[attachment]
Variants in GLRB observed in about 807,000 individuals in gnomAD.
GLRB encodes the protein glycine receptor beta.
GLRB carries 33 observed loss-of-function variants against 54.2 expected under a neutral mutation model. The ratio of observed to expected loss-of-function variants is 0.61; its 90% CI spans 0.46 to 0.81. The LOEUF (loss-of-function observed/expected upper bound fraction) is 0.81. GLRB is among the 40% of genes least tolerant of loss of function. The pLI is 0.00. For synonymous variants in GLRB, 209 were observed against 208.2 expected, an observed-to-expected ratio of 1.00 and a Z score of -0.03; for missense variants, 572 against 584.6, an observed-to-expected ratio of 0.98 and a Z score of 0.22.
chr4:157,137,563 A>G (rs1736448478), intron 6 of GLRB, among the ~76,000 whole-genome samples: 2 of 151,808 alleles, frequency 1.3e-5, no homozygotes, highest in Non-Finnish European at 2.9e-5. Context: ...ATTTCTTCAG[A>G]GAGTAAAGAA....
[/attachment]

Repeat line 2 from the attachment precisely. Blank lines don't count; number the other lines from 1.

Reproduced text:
GLRB encodes the protein glycine receptor beta.